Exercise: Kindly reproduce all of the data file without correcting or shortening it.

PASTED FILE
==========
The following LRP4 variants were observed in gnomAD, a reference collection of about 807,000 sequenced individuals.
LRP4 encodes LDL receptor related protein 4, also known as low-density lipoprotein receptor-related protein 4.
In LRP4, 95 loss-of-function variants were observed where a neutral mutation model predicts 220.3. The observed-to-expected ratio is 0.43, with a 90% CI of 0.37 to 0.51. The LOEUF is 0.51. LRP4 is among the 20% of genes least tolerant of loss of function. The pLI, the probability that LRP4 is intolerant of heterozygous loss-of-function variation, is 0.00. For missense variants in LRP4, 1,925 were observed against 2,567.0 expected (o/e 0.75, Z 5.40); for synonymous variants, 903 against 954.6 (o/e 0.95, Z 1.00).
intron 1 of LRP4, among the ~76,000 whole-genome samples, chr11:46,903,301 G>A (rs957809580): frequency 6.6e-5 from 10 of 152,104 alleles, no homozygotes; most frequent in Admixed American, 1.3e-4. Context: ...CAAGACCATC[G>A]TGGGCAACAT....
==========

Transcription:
The following LRP4 variants were observed in gnomAD, a reference collection of about 807,000 sequenced individuals.
LRP4 encodes LDL receptor related protein 4, also known as low-density lipoprotein receptor-related protein 4.
In LRP4, 95 loss-of-function variants were observed where a neutral mutation model predicts 220.3. The observed-to-expected ratio is 0.43, with a 90% CI of 0.37 to 0.51. The LOEUF is 0.51. LRP4 is among the 20% of genes least tolerant of loss of function. The pLI, the probability that LRP4 is intolerant of heterozygous loss-of-function variation, is 0.00. For missense variants in LRP4, 1,925 were observed against 2,567.0 expected (o/e 0.75, Z 5.40); for synonymous variants, 903 against 954.6 (o/e 0.95, Z 1.00).
intron 1 of LRP4, among the ~76,000 whole-genome samples, chr11:46,903,301 G>A (rs957809580): frequency 6.6e-5 from 10 of 152,104 alleles, no homozygotes; most frequent in Admixed American, 1.3e-4. Context: ...CAAGACCATC[G>A]TGGGCAACAT....